Which countries use bottled water in the US?
We’re living in a new era in water conservation, where Americans are turning to bottled water to supplement their diets and save money on bottled water.
As the U.S. population ages, the demand for bottled water is expected to rise as many Americans age, according to a report from the Environmental Protection Agency.
For the first time, the agency said the nation’s consumption of bottled water will surpass that of bottled gas by 2020, reaching about 1.3 billion metric tons (MT) of the water.
This is the first increase in U.N. data on the use of bottled products in the U, and represents a milestone in the use and distribution of bottled beverage products worldwide.
The report said the U was also seeing a rise in the bottled water used in developing countries, particularly China and India.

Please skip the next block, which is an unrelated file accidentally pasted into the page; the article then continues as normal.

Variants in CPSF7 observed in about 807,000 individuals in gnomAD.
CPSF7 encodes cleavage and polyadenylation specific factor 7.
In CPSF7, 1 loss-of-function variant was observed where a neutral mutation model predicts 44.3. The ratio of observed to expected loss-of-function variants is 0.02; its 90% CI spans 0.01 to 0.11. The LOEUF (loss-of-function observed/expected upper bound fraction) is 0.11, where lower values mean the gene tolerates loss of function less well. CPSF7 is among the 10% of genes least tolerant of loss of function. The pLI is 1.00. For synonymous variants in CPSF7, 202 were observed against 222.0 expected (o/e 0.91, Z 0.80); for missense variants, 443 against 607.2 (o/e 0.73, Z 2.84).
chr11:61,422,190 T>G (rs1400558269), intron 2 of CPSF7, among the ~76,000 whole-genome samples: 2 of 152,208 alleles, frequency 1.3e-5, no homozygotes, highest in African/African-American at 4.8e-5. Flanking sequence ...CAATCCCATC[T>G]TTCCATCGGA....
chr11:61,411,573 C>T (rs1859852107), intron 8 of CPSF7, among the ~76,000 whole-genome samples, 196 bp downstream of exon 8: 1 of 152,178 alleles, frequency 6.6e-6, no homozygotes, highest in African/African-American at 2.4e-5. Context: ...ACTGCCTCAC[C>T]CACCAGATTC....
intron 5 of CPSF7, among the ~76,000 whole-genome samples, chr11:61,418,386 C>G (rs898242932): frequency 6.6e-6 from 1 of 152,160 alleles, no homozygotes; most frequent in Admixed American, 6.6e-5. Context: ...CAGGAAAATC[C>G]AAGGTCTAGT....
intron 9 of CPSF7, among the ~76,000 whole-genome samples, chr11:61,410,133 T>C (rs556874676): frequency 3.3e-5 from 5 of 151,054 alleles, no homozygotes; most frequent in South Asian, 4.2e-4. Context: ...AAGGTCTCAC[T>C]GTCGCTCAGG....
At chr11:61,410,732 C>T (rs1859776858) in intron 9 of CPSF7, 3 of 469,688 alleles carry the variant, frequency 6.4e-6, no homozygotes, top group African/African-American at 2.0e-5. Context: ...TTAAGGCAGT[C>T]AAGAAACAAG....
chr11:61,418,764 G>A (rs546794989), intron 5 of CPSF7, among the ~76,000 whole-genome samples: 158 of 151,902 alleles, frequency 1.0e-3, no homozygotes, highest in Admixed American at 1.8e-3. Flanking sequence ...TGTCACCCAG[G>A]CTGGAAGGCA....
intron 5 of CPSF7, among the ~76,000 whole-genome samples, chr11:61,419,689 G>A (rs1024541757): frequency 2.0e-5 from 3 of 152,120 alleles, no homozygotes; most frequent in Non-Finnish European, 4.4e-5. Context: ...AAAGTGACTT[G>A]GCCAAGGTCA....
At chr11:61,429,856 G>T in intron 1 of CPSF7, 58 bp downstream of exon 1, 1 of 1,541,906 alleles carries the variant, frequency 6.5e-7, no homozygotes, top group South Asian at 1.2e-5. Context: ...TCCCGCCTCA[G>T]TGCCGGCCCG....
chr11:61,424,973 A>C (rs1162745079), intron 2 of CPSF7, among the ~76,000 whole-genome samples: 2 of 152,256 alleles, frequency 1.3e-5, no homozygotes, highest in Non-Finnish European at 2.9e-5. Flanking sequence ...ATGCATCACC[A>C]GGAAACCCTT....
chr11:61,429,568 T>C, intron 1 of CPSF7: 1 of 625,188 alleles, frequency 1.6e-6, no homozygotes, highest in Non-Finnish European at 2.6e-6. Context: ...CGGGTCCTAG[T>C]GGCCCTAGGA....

“We are seeing a much greater focus on the bottled product in developing economies, where there are concerns about the environmental impacts of water,” said Anne-Marie Caulfield, senior vice president for policy at the Sierra Club.
A bottle of Coke is seen at the Coca-Cola bottling plant in Mexico City, Mexico, June 3, 2020.
REUTERS/Edgard Garrido The U.K. is also leading the way in the growing demand for water in developing nations, the EPA report said, citing its decision in 2017 to ban sales of bottled drinks in the country, which has a population of about two billion people.
According to the EPA, bottled water consumption in the United Kingdom rose from 754 million MT in 2018 to 1.28 billion MT in 2019.
At the same time, drinking water consumption was growing in Mexico and in Brazil, where about one-third of the population is water-literate.
This year, Mexico’s consumption rose by 17 percent to 463 million MT, the report said.
It said bottled water production in Brazil rose by 9 percent to 1,054 million MT.
Despite this growing demand, water-based beverage production still accounts for only 3 percent of overall global bottled beverage consumption, the environmental agency said.